An annual report on the well-being of West Virginia children gives the state's education system low marks, ranking it 47th in the nation.
Seventy-nine percent of the state's eighth-graders weren't proficient in math in 2011, while 73 percent of fourth-graders weren't proficient in reading, according to the 2012 KIDS COUNT data book released Wednesday by the Annie E. Casey Foundation.
Margie Hale, executive director of West Virginia KIDS COUNT, said the state needs to focus more on early childhood education.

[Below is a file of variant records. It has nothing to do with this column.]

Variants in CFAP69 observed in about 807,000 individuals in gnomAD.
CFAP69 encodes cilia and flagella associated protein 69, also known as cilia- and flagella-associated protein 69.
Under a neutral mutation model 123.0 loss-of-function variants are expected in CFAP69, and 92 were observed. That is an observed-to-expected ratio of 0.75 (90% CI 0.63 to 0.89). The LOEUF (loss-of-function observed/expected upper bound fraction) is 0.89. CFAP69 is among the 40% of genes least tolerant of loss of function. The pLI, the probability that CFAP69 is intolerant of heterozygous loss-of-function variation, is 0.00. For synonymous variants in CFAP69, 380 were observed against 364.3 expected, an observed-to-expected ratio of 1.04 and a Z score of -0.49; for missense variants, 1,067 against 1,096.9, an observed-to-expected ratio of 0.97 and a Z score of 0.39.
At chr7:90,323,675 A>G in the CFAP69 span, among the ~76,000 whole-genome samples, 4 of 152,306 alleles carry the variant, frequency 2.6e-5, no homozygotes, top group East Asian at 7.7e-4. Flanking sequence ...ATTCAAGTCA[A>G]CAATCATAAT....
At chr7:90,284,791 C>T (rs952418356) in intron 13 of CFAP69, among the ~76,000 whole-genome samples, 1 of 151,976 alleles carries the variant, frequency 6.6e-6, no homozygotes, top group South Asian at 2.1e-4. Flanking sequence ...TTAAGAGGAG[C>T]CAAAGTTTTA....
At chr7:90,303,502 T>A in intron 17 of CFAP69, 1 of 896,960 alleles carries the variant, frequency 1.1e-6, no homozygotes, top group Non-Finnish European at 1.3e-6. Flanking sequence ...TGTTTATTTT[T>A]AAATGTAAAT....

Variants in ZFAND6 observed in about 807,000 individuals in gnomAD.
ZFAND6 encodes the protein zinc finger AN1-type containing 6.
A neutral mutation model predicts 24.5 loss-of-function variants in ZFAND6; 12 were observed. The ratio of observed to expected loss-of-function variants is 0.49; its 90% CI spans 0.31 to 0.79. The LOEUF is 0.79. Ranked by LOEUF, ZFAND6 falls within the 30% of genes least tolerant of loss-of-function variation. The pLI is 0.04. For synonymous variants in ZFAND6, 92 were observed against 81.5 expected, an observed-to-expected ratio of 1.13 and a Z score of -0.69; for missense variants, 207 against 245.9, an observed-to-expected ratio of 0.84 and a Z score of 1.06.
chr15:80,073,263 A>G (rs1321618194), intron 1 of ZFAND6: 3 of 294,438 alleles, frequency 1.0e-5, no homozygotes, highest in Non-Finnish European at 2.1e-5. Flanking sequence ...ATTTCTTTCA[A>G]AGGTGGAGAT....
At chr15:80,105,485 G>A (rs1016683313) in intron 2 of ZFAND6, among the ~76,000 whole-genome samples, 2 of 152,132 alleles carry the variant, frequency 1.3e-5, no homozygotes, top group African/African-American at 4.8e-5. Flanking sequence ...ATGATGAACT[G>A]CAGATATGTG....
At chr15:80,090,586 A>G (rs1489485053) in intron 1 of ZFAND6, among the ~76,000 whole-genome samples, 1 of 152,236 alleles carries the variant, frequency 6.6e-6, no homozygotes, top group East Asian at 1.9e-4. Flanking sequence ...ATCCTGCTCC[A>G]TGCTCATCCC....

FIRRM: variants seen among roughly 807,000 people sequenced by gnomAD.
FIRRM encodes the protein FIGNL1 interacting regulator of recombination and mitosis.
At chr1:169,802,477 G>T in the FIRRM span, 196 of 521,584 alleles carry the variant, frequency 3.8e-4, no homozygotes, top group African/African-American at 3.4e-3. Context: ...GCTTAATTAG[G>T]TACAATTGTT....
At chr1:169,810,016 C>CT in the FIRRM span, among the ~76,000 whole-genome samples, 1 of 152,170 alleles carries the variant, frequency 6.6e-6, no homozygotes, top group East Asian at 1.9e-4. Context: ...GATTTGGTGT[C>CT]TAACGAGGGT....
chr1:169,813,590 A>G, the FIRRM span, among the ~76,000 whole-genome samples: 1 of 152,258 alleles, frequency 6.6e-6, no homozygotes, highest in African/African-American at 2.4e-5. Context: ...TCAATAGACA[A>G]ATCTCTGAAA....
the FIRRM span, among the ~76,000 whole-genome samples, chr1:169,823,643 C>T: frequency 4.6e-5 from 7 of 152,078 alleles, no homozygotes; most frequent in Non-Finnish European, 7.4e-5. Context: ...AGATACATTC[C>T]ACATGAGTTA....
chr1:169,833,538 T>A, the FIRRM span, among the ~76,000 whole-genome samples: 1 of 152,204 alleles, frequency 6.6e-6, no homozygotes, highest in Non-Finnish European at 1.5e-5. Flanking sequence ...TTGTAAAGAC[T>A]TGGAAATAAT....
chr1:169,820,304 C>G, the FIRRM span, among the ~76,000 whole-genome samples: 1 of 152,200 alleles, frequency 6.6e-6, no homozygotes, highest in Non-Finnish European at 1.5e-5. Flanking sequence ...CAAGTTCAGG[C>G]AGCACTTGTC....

"Education is the worst ranking of any domain (in the report) and we at Kids Count do not believe that West Virginia can move out of these bad numbers until it makes a significant investment in young children," Hale told the Charleston Gazette.
"We know from economists that investing in young children birth to 3-years-old has the biggest investment than any other investment the state could make. I think one of the reasons we don't do this is because the payoff doesn't come in the election cycle. The payoff comes years later."